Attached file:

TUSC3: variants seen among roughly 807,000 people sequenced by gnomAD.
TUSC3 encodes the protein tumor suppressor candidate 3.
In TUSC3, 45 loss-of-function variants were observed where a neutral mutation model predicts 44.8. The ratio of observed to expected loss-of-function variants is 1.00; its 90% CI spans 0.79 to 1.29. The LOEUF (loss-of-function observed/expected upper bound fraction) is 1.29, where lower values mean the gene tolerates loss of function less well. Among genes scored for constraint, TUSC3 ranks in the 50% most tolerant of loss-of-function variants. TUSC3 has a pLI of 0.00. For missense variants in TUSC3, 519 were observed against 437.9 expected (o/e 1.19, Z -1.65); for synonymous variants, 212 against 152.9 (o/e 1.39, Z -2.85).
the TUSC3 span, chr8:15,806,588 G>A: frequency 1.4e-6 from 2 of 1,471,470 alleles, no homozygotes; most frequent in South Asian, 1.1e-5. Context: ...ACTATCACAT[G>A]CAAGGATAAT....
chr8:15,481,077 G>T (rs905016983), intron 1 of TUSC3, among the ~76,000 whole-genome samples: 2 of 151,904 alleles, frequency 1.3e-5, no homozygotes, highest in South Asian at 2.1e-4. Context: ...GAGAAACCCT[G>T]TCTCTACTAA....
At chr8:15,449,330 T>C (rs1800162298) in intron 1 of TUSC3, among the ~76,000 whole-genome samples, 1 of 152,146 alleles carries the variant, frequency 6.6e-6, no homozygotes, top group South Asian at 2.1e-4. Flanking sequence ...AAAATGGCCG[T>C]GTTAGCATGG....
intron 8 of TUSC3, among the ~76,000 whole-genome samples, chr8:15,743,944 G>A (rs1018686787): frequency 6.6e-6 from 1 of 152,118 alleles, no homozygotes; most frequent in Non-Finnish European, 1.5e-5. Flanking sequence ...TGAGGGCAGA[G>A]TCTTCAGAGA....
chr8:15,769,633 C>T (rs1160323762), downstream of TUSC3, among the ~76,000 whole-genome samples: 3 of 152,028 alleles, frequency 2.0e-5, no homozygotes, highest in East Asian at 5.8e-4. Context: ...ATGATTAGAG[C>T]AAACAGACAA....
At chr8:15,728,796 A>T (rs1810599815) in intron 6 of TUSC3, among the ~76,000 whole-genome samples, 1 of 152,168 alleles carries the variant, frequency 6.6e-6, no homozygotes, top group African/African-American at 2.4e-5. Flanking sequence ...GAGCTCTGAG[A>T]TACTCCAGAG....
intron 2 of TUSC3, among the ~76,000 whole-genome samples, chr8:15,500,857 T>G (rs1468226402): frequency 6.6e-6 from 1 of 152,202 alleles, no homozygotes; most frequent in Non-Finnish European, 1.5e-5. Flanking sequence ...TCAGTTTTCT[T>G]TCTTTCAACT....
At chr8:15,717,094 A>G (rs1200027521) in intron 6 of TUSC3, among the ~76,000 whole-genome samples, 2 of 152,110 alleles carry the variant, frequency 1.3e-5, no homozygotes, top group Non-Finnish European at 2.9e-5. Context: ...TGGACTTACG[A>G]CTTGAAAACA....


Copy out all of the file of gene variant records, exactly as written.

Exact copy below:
TUSC3: variants seen among roughly 807,000 people sequenced by gnomAD.
TUSC3 encodes the protein tumor suppressor candidate 3.
In TUSC3, 45 loss-of-function variants were observed where a neutral mutation model predicts 44.8. The ratio of observed to expected loss-of-function variants is 1.00; its 90% CI spans 0.79 to 1.29. The LOEUF (loss-of-function observed/expected upper bound fraction) is 1.29, where lower values mean the gene tolerates loss of function less well. Among genes scored for constraint, TUSC3 ranks in the 50% most tolerant of loss-of-function variants. TUSC3 has a pLI of 0.00. For missense variants in TUSC3, 519 were observed against 437.9 expected (o/e 1.19, Z -1.65); for synonymous variants, 212 against 152.9 (o/e 1.39, Z -2.85).
the TUSC3 span, chr8:15,806,588 G>A: frequency 1.4e-6 from 2 of 1,471,470 alleles, no homozygotes; most frequent in South Asian, 1.1e-5. Context: ...ACTATCACAT[G>A]CAAGGATAAT....
chr8:15,481,077 G>T (rs905016983), intron 1 of TUSC3, among the ~76,000 whole-genome samples: 2 of 151,904 alleles, frequency 1.3e-5, no homozygotes, highest in South Asian at 2.1e-4. Context: ...GAGAAACCCT[G>T]TCTCTACTAA....
At chr8:15,449,330 T>C (rs1800162298) in intron 1 of TUSC3, among the ~76,000 whole-genome samples, 1 of 152,146 alleles carries the variant, frequency 6.6e-6, no homozygotes, top group South Asian at 2.1e-4. Flanking sequence ...AAAATGGCCG[T>C]GTTAGCATGG....
intron 8 of TUSC3, among the ~76,000 whole-genome samples, chr8:15,743,944 G>A (rs1018686787): frequency 6.6e-6 from 1 of 152,118 alleles, no homozygotes; most frequent in Non-Finnish European, 1.5e-5. Flanking sequence ...TGAGGGCAGA[G>A]TCTTCAGAGA....
chr8:15,769,633 C>T (rs1160323762), downstream of TUSC3, among the ~76,000 whole-genome samples: 3 of 152,028 alleles, frequency 2.0e-5, no homozygotes, highest in East Asian at 5.8e-4. Context: ...ATGATTAGAG[C>T]AAACAGACAA....
At chr8:15,728,796 A>T (rs1810599815) in intron 6 of TUSC3, among the ~76,000 whole-genome samples, 1 of 152,168 alleles carries the variant, frequency 6.6e-6, no homozygotes, top group African/African-American at 2.4e-5. Flanking sequence ...GAGCTCTGAG[A>T]TACTCCAGAG....
intron 2 of TUSC3, among the ~76,000 whole-genome samples, chr8:15,500,857 T>G (rs1468226402): frequency 6.6e-6 from 1 of 152,202 alleles, no homozygotes; most frequent in Non-Finnish European, 1.5e-5. Flanking sequence ...TCAGTTTTCT[T>G]TCTTTCAACT....
At chr8:15,717,094 A>G (rs1200027521) in intron 6 of TUSC3, among the ~76,000 whole-genome samples, 2 of 152,110 alleles carry the variant, frequency 1.3e-5, no homozygotes, top group Non-Finnish European at 2.9e-5. Context: ...TGGACTTACG[A>G]CTTGAAAACA....